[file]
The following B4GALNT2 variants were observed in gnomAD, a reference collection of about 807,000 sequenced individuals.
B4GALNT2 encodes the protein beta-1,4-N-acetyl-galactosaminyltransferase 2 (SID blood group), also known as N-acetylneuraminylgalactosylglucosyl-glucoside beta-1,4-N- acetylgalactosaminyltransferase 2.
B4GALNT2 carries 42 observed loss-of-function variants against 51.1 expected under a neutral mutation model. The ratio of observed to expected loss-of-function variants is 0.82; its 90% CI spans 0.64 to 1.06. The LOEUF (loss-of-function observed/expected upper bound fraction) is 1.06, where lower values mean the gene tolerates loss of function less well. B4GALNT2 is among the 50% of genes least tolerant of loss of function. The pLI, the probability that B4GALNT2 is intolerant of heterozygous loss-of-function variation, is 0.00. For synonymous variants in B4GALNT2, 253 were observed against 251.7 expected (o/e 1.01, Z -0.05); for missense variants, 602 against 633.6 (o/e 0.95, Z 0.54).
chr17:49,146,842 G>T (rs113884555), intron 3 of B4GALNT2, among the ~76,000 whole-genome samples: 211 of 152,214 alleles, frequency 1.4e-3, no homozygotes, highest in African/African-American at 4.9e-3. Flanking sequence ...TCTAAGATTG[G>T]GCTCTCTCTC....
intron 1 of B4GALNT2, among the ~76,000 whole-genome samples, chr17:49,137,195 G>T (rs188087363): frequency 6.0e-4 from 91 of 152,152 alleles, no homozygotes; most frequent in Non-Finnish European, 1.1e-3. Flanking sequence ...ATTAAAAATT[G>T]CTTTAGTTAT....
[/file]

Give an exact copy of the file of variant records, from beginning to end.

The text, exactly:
The following B4GALNT2 variants were observed in gnomAD, a reference collection of about 807,000 sequenced individuals.
B4GALNT2 encodes the protein beta-1,4-N-acetyl-galactosaminyltransferase 2 (SID blood group), also known as N-acetylneuraminylgalactosylglucosyl-glucoside beta-1,4-N- acetylgalactosaminyltransferase 2.
B4GALNT2 carries 42 observed loss-of-function variants against 51.1 expected under a neutral mutation model. The ratio of observed to expected loss-of-function variants is 0.82; its 90% CI spans 0.64 to 1.06. The LOEUF (loss-of-function observed/expected upper bound fraction) is 1.06, where lower values mean the gene tolerates loss of function less well. B4GALNT2 is among the 50% of genes least tolerant of loss of function. The pLI, the probability that B4GALNT2 is intolerant of heterozygous loss-of-function variation, is 0.00. For synonymous variants in B4GALNT2, 253 were observed against 251.7 expected (o/e 1.01, Z -0.05); for missense variants, 602 against 633.6 (o/e 0.95, Z 0.54).
chr17:49,146,842 G>T (rs113884555), intron 3 of B4GALNT2, among the ~76,000 whole-genome samples: 211 of 152,214 alleles, frequency 1.4e-3, no homozygotes, highest in African/African-American at 4.9e-3. Flanking sequence ...TCTAAGATTG[G>T]GCTCTCTCTC....
intron 1 of B4GALNT2, among the ~76,000 whole-genome samples, chr17:49,137,195 G>T (rs188087363): frequency 6.0e-4 from 91 of 152,152 alleles, no homozygotes; most frequent in Non-Finnish European, 1.1e-3. Flanking sequence ...ATTAAAAATT[G>T]CTTTAGTTAT....